Ami... not on the backs of taxpayers. This should not be the role of govt.
In a perfect world government would be used to kickstart initiatives that are developed and managed by private industry. But this requires a low level of corruption
The market will deliver alternative energy when alternative energy makes economic sense. The consequences of the govt trying to push this before it is needed does nothing but harm.
Damn, now we agree again. Sort of. I don't see any way OPEC is going to be made inconsequential. Unless a better fuel source replaces oil on an international scale.
We will always have oil as long as we are willing to pay the price. Shale, tar sand
(harm to the economy as a whole - great for the crony beneficiaries of the federal govt's BS)
fracking, and arctic drilling are expensive processes. Simple as that. Unless Jed Clampet finds another wellfield, that's our future. I hope the estimates of reserves are accurate. But they seldom are.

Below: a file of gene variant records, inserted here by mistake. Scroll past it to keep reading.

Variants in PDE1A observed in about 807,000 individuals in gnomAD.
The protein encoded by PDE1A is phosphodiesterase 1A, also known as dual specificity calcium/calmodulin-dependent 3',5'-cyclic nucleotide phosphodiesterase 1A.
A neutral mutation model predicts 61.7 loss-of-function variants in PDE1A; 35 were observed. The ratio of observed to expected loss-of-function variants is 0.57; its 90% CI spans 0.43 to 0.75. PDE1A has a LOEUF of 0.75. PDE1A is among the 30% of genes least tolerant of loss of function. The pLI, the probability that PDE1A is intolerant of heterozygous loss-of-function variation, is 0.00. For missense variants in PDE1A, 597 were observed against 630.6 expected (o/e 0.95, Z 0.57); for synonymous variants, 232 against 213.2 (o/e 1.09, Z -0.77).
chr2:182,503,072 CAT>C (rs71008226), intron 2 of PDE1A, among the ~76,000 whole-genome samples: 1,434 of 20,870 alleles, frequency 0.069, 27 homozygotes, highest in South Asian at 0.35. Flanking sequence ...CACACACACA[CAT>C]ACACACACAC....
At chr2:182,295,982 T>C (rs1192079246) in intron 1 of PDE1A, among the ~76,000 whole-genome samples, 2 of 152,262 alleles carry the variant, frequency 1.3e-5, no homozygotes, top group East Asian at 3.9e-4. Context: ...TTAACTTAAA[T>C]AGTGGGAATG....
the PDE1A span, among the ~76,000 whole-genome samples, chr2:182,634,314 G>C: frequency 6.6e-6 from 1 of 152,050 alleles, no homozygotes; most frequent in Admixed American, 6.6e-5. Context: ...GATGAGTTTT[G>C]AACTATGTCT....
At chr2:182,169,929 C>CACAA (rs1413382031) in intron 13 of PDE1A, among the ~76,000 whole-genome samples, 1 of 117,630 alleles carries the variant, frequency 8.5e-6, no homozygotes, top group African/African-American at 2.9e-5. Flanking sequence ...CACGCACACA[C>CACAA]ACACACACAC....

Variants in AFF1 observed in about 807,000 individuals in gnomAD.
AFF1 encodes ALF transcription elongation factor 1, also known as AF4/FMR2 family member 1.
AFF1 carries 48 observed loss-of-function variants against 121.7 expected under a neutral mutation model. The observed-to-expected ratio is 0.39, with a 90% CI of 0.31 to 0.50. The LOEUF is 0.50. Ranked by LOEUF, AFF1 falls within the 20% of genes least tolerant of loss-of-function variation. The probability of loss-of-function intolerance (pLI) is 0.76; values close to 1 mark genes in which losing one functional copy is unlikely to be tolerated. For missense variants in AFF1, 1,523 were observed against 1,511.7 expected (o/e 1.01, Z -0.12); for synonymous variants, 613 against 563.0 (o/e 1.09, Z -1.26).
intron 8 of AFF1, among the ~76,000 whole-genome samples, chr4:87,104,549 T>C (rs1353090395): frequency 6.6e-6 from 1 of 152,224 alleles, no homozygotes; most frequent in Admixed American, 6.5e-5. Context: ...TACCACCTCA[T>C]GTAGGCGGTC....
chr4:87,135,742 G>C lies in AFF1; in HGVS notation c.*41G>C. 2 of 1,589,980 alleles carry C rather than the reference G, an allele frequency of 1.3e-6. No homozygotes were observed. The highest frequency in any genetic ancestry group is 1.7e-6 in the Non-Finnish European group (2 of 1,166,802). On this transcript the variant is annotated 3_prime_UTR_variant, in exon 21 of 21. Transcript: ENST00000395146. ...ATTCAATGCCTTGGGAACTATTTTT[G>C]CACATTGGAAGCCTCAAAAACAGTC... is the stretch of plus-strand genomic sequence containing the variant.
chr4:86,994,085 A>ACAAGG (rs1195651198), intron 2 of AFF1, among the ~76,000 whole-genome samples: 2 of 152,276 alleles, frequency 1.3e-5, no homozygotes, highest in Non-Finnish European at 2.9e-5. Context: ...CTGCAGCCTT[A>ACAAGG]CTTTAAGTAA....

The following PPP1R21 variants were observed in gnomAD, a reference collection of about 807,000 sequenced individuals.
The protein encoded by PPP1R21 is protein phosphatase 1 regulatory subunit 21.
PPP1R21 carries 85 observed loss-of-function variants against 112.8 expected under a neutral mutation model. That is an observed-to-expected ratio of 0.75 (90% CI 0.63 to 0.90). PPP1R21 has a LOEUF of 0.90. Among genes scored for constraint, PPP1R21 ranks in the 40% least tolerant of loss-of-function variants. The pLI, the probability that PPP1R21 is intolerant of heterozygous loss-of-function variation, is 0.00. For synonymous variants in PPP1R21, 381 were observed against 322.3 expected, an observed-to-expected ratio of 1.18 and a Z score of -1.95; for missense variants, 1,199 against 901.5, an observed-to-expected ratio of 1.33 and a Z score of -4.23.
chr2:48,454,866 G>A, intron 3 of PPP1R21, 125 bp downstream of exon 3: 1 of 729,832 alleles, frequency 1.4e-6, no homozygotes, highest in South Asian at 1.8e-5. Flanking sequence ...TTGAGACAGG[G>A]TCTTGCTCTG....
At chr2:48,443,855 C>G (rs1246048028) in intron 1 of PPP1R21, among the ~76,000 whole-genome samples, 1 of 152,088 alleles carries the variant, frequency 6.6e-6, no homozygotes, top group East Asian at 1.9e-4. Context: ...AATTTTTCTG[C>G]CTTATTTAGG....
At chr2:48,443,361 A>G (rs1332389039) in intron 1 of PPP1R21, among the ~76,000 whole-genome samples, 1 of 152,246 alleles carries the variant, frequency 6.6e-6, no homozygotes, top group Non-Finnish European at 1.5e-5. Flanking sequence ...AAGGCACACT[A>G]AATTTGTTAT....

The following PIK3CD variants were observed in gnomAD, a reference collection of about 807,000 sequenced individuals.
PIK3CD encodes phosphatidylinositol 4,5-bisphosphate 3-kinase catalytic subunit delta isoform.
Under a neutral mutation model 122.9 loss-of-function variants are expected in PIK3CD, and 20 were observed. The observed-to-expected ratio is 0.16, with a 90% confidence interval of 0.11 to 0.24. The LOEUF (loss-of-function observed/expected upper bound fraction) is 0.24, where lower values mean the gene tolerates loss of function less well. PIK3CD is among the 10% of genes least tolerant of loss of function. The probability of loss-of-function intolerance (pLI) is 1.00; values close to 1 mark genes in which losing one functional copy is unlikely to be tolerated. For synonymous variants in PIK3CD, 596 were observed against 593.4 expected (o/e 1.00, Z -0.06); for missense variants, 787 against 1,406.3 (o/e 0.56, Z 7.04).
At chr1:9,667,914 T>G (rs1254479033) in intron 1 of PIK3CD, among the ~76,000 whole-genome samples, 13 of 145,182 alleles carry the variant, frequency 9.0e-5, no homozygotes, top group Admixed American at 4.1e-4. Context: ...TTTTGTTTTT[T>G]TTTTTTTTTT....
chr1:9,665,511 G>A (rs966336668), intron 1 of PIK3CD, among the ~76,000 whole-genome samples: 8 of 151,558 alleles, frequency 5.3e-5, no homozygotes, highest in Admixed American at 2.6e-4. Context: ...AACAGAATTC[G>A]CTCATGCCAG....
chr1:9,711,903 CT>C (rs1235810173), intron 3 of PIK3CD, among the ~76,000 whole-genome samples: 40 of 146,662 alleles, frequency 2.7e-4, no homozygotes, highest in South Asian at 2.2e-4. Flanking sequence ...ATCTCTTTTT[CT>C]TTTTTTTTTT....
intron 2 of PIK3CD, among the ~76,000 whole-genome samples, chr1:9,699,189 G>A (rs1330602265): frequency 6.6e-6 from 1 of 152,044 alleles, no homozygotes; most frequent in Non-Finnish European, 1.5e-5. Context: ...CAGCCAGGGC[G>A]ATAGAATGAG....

Let me take a different angle....what makes a process expensive?
AH,, I won't even get into the solar arguement. But the main reason I believe that wind has a viable future is more from watching the actions of companies like GE and Siemans. They both have invested millions in production and R&D facilities.
Maybe it will be viable. It's viability shouldn't be tested on the backs of taxpayers.
I have to wonder is the motivation of GE that they believe it can become better and cheaper than fossil fuels or are they simply chasing tax credits?
They aren't noted for jumping into fad technologies. I believe they see a future in wind turbines, with or without subsidies. If the subsidized market pays for the R&D, and initial investment, so be it. Eventually, the product must stand on its own.
The latter is not a good thing because it diverts resources down dead ends.
I read an article about some geologist that believe that the heat from the earth makes oil, they believe that as rocks melt they release hydrocarbons in a gas form and condense into oil and natural gas in cooler voids. It's a interesting theory.
Kinda like Reagan's star wars ?
I couldn't resist.
JG,, I think I read the same article. Maybe we should be working with rocks instead of algae.
Jc, just wanted to bring attention to my last question
To whom it may concern..
I just got another text from my wife (the volunteer band chaperone) She is eleven hours into the bus ride home. She said she would see me in about six hours. She didn't seem amused.
Take her out for dinner?